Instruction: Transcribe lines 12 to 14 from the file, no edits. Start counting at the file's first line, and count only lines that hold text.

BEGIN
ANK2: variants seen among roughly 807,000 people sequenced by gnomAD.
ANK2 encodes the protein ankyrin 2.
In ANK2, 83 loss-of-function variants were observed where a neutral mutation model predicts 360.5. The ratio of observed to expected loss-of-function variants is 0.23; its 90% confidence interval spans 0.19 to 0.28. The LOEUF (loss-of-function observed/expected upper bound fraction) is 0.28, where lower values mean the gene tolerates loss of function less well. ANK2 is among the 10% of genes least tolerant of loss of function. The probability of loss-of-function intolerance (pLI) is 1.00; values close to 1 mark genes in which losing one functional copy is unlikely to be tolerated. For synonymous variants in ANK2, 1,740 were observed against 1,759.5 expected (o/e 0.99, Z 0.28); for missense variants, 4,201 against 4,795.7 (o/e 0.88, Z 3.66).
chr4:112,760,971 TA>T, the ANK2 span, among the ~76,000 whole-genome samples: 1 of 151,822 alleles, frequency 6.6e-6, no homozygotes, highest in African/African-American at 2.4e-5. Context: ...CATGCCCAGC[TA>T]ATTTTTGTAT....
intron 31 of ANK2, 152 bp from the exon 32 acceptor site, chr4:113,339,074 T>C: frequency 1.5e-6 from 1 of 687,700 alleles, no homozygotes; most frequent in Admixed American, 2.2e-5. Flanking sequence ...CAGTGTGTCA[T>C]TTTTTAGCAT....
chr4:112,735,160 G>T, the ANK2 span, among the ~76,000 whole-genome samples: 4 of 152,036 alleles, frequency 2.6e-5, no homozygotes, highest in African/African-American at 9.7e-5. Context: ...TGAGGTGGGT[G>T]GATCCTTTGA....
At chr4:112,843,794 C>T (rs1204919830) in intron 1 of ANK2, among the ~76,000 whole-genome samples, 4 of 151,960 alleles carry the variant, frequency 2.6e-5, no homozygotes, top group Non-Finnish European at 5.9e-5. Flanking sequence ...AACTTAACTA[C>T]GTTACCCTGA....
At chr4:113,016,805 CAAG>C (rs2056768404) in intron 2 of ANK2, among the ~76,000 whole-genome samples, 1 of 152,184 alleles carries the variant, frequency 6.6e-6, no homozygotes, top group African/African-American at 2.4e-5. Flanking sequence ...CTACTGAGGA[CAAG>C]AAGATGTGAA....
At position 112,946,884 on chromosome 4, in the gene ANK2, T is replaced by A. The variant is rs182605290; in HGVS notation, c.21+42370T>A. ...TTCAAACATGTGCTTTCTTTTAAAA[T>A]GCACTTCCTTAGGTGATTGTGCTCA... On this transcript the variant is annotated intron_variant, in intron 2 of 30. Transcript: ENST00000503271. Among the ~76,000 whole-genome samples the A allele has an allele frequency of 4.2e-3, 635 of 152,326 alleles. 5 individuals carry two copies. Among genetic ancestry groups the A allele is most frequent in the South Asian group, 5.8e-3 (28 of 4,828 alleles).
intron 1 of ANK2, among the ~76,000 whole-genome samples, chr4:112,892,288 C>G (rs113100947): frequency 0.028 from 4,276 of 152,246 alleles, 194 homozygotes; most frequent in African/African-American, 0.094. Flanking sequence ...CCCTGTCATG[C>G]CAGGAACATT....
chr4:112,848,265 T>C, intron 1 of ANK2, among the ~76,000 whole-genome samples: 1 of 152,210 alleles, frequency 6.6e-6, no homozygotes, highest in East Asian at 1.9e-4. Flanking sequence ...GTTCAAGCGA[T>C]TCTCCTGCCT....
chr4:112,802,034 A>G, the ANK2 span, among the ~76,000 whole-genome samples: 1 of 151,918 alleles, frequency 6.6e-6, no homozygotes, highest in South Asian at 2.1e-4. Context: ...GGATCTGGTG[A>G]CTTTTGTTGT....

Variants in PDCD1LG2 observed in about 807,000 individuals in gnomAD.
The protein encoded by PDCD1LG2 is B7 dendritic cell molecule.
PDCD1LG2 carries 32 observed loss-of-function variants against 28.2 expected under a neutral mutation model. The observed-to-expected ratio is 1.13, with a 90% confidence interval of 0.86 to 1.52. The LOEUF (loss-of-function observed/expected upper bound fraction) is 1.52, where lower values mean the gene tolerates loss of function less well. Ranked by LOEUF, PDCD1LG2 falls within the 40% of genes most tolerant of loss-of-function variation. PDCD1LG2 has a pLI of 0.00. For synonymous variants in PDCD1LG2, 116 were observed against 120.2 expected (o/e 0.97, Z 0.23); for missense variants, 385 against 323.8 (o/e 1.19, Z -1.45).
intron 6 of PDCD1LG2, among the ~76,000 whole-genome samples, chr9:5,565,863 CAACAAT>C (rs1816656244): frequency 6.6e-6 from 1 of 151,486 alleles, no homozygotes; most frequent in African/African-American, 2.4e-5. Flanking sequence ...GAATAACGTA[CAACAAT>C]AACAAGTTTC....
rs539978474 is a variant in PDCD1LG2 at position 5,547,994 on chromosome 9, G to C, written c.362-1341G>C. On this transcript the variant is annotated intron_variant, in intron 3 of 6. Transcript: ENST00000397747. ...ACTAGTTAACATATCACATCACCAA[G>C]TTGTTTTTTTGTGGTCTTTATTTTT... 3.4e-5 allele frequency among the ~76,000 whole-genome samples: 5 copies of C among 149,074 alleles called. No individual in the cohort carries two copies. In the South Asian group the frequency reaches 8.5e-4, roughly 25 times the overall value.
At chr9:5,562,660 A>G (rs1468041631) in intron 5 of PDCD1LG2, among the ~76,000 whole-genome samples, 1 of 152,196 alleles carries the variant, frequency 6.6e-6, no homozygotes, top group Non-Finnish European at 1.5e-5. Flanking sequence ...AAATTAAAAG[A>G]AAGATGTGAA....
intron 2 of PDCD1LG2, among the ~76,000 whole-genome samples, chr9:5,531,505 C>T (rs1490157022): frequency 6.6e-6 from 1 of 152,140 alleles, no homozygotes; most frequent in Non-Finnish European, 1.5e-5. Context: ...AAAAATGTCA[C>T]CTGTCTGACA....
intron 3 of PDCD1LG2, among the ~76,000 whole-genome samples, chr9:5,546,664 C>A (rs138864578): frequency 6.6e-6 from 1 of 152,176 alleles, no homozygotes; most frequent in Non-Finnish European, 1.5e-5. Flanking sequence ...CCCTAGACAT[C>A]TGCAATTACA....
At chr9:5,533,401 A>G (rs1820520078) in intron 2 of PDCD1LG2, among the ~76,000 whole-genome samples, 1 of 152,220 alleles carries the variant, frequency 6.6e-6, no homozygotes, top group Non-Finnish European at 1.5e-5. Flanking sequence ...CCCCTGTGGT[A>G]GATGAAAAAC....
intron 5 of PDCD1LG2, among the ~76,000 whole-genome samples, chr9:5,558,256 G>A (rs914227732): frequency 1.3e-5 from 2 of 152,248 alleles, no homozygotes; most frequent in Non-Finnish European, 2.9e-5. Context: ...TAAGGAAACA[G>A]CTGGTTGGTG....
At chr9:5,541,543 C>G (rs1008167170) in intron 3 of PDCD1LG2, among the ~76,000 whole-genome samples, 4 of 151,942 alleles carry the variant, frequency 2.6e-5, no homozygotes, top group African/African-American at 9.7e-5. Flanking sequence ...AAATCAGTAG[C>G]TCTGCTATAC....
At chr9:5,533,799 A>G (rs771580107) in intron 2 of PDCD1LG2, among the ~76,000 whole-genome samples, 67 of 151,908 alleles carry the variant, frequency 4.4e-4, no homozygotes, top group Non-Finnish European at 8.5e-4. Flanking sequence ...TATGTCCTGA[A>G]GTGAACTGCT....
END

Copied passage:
chr4:112,802,034 A>G, the ANK2 span, among the ~76,000 whole-genome samples: 1 of 151,918 alleles, frequency 6.6e-6, no homozygotes, highest in South Asian at 2.1e-4. Context: ...GGATCTGGTG[A>G]CTTTTGTTGT....

Variants in PDCD1LG2 observed in about 807,000 individuals in gnomAD.
The protein encoded by PDCD1LG2 is B7 dendritic cell molecule.